If you want an impressive Italian dessert, you can't go wrong with a wicked tiramisu. Conveniently meaning "pick me up", it is a luscious concoction of sponge fingers, coffee, and mascarpone cream and it comes as no surprise that it's been a favourite in homes across Australia.
So, here we are. If you're facing the dreaded 3pm slump, and in need of a little pick-me-up, it might be time to introduce your buds to some of the other sweet, sweet Italian treats on offer (and there are plenty!). Here are our favs: and you'll want to BYO coffee!
Classic zabaione (also written as zabaglione) is made with only three ingredients to arrive at a light, fluffy dessert that is often served with a little something on the side. Zabaione pairs well with poached pear, vanilla cake or biscuits, caramelised figs, roasted plums or peaches, or macerated cherries. A dessert of zabaione is often served with a generous glass of whatever sweet alcoholic beverage was used to create the dish: Limoncello, cognac, Marsala or Moscato D'Asti. When making zabaione, get your whisking muscles ready! Check out The Chefs' Line winning zabaione from restaurant Sotto Sopra.
Cannoli are one of the most popular sweet Sicilian street foods. This unique version adds cinnamon, cocoa and coffee to the pastry. This recipe requires you to fire up your deep fryer, but if you're feeling really lazy, you can also buy empty shells from select delis. Shhhh, we won't tell on you!
Legend has it that sfogliatelle originated in a convent around Naples (exactly which convent is a hot topic for debate). The story goes that a nun wishing to use up leftover semolina added candied fruit, sugar and ricotta, wrapped the mix in puff pastry, shaped the pastry to resemble a monk’s hood and popped it into the oven. Campanians have been eating various versions of sfogliatelle for breakfast ever since. Sfogliatelle is eaten piping hot, which is the best way to contrast the crunchiness of the outer pastry with the smoothness of the fragrant inner filling.
Sometimes only cake will do! Cheesecake, to be exact. Light citrus cheesecakes are a common sight across Italy, where they are made with ricotta in place of cream cheese. This one is baked with a light pastry crust, to balance out the creamy filling with some crumbly crust!
Although technically classed as a 'tart', this big round crumbly treat eats a little more like a large cookie or biscuit. Make it in advance, and keep it on hand to have with your next cuppa. If it works as a breakfast treat in Italy, then it certainly works as an afternoon pick-me-up! We approve.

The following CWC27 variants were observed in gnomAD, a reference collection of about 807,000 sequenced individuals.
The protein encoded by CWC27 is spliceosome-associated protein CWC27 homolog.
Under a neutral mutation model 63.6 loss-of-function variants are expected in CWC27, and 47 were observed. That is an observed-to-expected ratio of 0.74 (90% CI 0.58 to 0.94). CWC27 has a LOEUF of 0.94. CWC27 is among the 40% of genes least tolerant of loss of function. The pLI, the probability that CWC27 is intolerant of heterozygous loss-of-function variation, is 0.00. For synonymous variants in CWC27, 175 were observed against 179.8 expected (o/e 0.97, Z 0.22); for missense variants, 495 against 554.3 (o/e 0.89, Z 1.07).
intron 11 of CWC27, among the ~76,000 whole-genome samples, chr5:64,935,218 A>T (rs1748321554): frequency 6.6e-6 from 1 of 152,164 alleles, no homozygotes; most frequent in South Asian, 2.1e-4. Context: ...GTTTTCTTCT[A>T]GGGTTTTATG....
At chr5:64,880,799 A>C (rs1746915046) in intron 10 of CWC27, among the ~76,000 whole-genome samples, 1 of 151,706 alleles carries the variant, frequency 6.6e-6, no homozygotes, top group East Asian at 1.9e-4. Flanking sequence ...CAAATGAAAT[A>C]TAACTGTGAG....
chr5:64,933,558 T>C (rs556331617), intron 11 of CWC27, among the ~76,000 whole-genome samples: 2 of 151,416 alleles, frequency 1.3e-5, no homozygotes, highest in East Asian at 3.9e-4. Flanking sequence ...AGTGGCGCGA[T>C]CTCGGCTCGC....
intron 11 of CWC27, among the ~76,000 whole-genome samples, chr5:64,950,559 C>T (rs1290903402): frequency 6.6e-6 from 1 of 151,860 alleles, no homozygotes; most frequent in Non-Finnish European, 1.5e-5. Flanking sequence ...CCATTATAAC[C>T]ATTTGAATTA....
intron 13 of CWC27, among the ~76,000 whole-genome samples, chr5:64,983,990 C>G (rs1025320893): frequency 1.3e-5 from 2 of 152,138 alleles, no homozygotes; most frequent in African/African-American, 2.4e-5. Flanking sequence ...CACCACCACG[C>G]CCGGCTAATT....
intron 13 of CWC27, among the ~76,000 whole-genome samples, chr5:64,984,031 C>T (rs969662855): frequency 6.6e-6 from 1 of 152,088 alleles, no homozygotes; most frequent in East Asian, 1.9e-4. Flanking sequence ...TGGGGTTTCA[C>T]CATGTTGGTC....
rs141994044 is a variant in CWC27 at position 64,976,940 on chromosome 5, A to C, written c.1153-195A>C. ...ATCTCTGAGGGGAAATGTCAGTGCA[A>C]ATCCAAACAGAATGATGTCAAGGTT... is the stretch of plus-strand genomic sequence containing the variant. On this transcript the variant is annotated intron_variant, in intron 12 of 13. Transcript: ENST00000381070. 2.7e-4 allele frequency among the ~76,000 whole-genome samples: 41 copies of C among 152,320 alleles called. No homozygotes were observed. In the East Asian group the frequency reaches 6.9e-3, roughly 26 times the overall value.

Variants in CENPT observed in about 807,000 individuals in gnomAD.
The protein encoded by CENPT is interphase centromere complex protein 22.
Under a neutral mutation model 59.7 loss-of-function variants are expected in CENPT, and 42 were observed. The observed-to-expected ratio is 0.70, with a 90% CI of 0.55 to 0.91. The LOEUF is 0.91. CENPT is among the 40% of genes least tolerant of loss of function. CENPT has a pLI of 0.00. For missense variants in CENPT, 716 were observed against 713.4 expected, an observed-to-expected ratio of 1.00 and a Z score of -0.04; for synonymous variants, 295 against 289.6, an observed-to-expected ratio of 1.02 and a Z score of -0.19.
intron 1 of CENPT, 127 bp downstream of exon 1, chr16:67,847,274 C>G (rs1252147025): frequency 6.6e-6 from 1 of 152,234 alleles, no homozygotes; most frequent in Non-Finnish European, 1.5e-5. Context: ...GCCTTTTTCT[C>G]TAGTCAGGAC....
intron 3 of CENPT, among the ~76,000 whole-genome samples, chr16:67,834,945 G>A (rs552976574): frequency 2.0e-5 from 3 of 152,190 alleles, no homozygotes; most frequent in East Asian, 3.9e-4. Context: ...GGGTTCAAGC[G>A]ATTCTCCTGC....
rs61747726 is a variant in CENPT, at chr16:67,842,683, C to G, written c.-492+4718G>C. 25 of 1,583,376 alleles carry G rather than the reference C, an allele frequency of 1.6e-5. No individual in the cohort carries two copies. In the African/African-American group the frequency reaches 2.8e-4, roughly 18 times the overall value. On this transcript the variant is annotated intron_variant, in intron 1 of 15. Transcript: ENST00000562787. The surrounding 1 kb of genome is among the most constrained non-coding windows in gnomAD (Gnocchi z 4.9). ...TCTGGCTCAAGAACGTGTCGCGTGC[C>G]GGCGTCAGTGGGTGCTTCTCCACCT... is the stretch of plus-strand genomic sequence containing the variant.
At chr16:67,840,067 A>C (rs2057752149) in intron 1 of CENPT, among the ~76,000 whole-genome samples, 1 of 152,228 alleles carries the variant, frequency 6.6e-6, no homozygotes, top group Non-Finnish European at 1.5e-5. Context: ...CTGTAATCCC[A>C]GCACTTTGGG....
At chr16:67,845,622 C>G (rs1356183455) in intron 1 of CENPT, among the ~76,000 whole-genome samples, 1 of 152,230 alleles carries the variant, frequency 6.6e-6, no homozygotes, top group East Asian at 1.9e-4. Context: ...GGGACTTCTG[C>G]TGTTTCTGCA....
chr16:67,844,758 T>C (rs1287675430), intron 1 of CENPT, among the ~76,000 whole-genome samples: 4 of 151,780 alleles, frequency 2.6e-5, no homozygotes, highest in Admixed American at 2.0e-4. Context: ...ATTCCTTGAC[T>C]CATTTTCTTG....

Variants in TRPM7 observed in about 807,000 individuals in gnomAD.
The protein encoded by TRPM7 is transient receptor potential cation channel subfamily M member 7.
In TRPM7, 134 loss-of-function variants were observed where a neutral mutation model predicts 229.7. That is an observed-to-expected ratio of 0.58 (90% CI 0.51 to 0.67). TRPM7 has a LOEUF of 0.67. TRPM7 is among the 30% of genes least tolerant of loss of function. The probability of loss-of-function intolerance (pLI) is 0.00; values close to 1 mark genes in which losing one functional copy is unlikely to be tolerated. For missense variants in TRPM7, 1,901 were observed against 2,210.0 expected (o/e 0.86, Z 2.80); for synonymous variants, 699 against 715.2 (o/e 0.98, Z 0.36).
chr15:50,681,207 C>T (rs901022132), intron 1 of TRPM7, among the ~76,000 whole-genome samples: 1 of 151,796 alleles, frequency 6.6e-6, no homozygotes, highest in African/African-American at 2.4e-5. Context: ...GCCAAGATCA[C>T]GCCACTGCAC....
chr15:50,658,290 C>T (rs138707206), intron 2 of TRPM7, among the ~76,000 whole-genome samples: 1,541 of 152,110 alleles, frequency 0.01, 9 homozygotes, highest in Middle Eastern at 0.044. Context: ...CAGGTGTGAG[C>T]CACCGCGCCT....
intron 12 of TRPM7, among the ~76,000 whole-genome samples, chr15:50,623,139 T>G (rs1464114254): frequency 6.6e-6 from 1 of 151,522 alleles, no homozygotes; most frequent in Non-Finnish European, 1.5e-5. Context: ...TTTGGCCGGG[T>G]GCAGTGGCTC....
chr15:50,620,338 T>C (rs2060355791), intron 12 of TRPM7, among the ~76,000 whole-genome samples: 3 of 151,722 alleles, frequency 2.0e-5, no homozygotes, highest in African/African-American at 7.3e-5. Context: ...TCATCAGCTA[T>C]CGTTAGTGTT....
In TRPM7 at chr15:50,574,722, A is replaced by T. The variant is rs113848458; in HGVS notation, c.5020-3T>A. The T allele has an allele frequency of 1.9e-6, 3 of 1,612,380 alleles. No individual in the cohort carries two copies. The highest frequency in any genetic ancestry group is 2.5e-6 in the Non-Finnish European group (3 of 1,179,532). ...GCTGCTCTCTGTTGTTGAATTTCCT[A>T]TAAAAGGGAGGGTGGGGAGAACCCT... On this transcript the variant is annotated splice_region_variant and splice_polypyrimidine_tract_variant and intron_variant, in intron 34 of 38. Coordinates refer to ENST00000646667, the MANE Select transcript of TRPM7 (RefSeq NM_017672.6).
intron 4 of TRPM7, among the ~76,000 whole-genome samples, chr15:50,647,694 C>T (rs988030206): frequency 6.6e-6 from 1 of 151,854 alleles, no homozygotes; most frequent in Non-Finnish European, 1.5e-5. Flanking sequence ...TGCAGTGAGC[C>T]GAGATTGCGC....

If you love your tiramisu because of the booze and cream, then you'll love this almond milk panna cotta. We've spiked this with amaretto, which lends a sweetness to this creamy dessert. This recipe blends soaked almonds, but feel free to use your favourite store-bought almond milk instead.
You know what's better than custard? FRIED CUSTARD. 'Nuff said. You're welcome.
Who doesn't love a cream puff? These are filled with chestnut cream, made with the same chestnut puree that's used in the construction of the classic French Mont Blanc cakes. Make the pastries ahead of time, and fill just before serving for a fresh treat!
Part hand pie, part tart... what this crostata really is, is an excuse to eat us some jam and pastry! Once you get the pastry rolled out, this is super easy to make - every imperfect crack just makes for some extra crispy bits!
In Delizia! The epic history of Italians and their food, John Dickie mentions that ‘Respectable pleasure and good health’ was written in Latin and authored by 'Platina' the Vatican librarian under Pope Sixtus IV. In this early version, biancomangiare consisted of peeled almonds and the boned breast of a capon pounded to a pulp and cooked with spices and sugar. You will probably find this recipe more appealing – it’s a silky, creamy sweet concoction lightly flavoured with orange blossom water.
Cassata, the intensely sweet ricotta and marzipan cake originating from Palermo, Sicily, is traditionally served only at Easter. The smell of candied fruit mingling with Marsala or rum liqueur signals the festive season in many Italian homes. Interestingly, though the sponge cake used in its construction is baked, cassata itself is not. Instead, it is constructed, weighted down and left to ‘cook’ overnight in the refrigerator. The flavours in the cake are so popular they’ve been translated into an ice cream flavour that is enjoyed any time of year.
Semifreddo (‘half cold’) is a cross between a mousse and a gelato. It has the texture of a frozen mousse – creamy, airy but with just a little bit of bite. Semifreddo can be moulded and sliced, so it makes a great party dessert. You can enrich semifreddo with every possible flavour combination, but this Italian nougat, cherry and dark chocolate recipe is particularly nice.
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